So we're left with four more years of Obama, the man with no plan and no mandate. It's not beyond the realm of possibility that he could have a successful second term with a booming economy and a de-polarized Washington. It's just highly unlikely. [The Weekly Standard, 11/7/12]
Right-Wing Media Warnings Echo House Speaker's Warning To Obama ...
Rep. Boehner: GOP Retaining House Majority Means Obama Has "No Mandate For Raising Tax Rates." House Speaker John Boehner (R-OH) said in a speech shortly after Mitt Romney conceded the 2012 presidential election to President Obama that House Republicans had stood for two years as "the primary line of defense for the American people against a government that spends too much, taxes too much, certainly borrows too much when it is left unchecked." He later added: "With this vote the American people have also made clear that there's no mandate for raising tax rates. What Americans want are solutions that will ease the burdens on small businesses, bring jobs home and let our economy grow." [NBC News, 11/7/12]
... And They Give Cover For Congressional Republicans To Continue Their Historic Levels Of Obstruction
Republicans Held Secret Meeting On How To Block Obama's Agenda On The Very Day He Was Inaugurated For His First Term. Journalist Robert Draper reported that on the day of Obama's inauguration, Republicans in Congress and conservative strategists held a secret meeting in which they plotted ways to "put the brakes on Obama's legislative platform." Former House Speaker Newt Gingrich reportedly told the group: "You'll remember this as the day the seeds of 2012 were sown." [Huffington Post, 4/25/12]
In Obama's First Term, Republicans Refused To Work With Him On Health Care Reform, Immigration, And The Federal Deficit. Republicans refused to negotiate with Obama on health care reform, immigration, the federal deficit, and other issues even when Obama agreed to incorporate Republican ideas into his proposals. [Media Matters, 11/5/12]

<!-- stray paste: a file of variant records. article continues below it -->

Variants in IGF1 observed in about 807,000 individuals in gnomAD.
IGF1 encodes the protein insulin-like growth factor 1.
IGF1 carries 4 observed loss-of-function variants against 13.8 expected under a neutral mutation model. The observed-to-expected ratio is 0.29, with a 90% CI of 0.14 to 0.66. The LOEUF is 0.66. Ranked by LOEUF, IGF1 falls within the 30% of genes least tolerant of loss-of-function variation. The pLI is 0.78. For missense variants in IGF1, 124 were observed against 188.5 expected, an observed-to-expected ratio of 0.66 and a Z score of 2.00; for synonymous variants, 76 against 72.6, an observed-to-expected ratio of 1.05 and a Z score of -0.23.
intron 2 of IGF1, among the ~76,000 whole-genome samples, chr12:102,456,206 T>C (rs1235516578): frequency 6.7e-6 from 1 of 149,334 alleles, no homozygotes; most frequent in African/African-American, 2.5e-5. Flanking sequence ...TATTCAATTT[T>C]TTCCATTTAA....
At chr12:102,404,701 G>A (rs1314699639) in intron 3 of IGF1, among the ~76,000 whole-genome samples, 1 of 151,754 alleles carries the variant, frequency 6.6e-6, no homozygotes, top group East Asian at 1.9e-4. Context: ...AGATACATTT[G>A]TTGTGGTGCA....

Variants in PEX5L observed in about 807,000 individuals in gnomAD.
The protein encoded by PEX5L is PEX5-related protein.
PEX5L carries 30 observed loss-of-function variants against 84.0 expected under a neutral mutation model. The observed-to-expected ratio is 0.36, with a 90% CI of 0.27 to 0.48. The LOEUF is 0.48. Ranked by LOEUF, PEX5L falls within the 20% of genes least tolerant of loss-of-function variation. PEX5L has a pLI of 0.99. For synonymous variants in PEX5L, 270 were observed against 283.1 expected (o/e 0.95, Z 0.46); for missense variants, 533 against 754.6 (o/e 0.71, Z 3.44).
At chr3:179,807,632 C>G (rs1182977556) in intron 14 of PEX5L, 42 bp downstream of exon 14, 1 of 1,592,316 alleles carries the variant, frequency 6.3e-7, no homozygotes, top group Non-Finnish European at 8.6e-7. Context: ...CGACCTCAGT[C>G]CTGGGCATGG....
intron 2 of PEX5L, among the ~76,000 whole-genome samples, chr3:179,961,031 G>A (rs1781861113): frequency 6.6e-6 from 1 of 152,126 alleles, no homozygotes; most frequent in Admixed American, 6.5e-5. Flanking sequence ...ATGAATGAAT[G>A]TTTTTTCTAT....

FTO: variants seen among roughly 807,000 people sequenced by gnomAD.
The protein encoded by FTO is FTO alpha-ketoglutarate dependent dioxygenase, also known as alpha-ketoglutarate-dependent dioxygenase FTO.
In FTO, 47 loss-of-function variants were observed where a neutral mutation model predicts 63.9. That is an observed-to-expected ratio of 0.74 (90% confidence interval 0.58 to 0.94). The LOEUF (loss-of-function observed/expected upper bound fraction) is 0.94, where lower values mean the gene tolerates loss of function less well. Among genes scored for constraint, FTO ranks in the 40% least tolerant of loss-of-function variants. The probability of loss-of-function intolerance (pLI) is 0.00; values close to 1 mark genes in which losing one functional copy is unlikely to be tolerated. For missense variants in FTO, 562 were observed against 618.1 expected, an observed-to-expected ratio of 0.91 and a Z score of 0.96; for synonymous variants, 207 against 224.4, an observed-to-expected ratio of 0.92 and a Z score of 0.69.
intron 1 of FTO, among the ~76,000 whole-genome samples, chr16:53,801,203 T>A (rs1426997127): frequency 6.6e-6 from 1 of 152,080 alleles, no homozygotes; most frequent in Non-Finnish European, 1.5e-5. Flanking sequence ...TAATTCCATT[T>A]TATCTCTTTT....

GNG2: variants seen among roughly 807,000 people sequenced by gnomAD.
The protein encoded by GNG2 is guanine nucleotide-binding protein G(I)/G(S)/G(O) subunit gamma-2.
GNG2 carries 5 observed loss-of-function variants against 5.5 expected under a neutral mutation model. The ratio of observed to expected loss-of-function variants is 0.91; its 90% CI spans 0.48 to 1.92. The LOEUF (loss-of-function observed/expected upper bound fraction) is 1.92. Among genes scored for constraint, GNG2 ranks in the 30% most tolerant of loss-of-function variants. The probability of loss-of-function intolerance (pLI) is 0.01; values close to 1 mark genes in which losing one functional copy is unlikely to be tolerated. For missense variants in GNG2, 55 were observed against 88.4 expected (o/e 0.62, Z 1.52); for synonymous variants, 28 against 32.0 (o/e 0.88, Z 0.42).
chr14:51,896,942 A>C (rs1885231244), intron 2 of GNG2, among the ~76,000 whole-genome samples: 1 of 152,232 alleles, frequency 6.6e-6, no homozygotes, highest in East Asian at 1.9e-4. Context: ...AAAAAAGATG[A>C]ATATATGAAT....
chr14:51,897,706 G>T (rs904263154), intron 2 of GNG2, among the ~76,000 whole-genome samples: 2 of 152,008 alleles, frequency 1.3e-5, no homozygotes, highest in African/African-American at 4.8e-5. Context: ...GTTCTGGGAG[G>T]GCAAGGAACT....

Congressional Experts: Republicans Have Been "At The Core Of The Problem" Of A Dysfunctional Washington. In an April 27 Washington Post op-ed, Brookings Institution senior fellow Thomas E. Mann and American Enterprise Institute scholar Norman J. Ornstein stated that Washington politics are more dysfunctional than they had ever witnessed and "the core of the problem lies with the Republican Party":
We have been studying Washington politics and Congress for more than 40 years, and never have we seen them this dysfunctional. In our past writings, we have criticized both parties when we believed it was warranted. Today, however, we have no choice but to acknowledge that the core of the problem lies with the Republican Party.
The GOP has become an insurgent outlier in American politics. It is ideologically extreme; scornful of compromise; unmoved by conventional understanding of facts, evidence and science; and dismissive of the legitimacy of its political opposition.
When one party moves this far from the mainstream, it makes it nearly impossible for the political system to deal constructively with the country's challenges.
"Both sides do it" or "There is plenty of blame to go around" are the traditional refuges for an American news media intent on proving its lack of bias, while political scientists prefer generality and neutrality when discussing partisan polarization. Many self-styled bipartisan groups, in their search for common ground, propose solutions that move both sides to the center, a strategy that is simply untenable when one side is so far out of reach. [The Washington Post, 4/27/12]